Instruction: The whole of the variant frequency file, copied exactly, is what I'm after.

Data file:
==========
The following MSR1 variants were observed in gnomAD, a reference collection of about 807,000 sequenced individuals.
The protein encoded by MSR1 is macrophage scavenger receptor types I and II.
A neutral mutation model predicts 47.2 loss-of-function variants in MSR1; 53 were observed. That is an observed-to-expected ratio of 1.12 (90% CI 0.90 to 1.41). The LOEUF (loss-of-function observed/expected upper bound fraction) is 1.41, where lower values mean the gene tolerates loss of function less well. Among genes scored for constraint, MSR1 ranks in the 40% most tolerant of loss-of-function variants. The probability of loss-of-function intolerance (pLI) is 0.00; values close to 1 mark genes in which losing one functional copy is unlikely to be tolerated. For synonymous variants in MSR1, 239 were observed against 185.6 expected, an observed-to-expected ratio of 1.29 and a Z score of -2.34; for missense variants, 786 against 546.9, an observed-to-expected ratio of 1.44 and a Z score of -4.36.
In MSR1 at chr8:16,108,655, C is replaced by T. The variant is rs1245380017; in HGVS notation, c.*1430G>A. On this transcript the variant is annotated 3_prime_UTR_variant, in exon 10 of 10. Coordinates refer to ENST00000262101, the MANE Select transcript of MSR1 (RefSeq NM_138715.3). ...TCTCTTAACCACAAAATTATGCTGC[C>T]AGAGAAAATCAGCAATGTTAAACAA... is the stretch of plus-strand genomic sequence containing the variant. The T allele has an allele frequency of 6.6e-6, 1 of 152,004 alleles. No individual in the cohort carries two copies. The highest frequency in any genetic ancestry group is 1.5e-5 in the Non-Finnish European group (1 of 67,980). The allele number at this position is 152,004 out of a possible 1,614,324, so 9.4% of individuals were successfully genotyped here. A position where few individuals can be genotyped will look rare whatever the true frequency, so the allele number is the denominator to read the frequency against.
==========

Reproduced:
The following MSR1 variants were observed in gnomAD, a reference collection of about 807,000 sequenced individuals.
The protein encoded by MSR1 is macrophage scavenger receptor types I and II.
A neutral mutation model predicts 47.2 loss-of-function variants in MSR1; 53 were observed. That is an observed-to-expected ratio of 1.12 (90% CI 0.90 to 1.41). The LOEUF (loss-of-function observed/expected upper bound fraction) is 1.41, where lower values mean the gene tolerates loss of function less well. Among genes scored for constraint, MSR1 ranks in the 40% most tolerant of loss-of-function variants. The probability of loss-of-function intolerance (pLI) is 0.00; values close to 1 mark genes in which losing one functional copy is unlikely to be tolerated. For synonymous variants in MSR1, 239 were observed against 185.6 expected, an observed-to-expected ratio of 1.29 and a Z score of -2.34; for missense variants, 786 against 546.9, an observed-to-expected ratio of 1.44 and a Z score of -4.36.
In MSR1 at chr8:16,108,655, C is replaced by T. The variant is rs1245380017; in HGVS notation, c.*1430G>A. On this transcript the variant is annotated 3_prime_UTR_variant, in exon 10 of 10. Coordinates refer to ENST00000262101, the MANE Select transcript of MSR1 (RefSeq NM_138715.3). ...TCTCTTAACCACAAAATTATGCTGC[C>T]AGAGAAAATCAGCAATGTTAAACAA... is the stretch of plus-strand genomic sequence containing the variant. The T allele has an allele frequency of 6.6e-6, 1 of 152,004 alleles. No individual in the cohort carries two copies. The highest frequency in any genetic ancestry group is 1.5e-5 in the Non-Finnish European group (1 of 67,980). The allele number at this position is 152,004 out of a possible 1,614,324, so 9.4% of individuals were successfully genotyped here. A position where few individuals can be genotyped will look rare whatever the true frequency, so the allele number is the denominator to read the frequency against.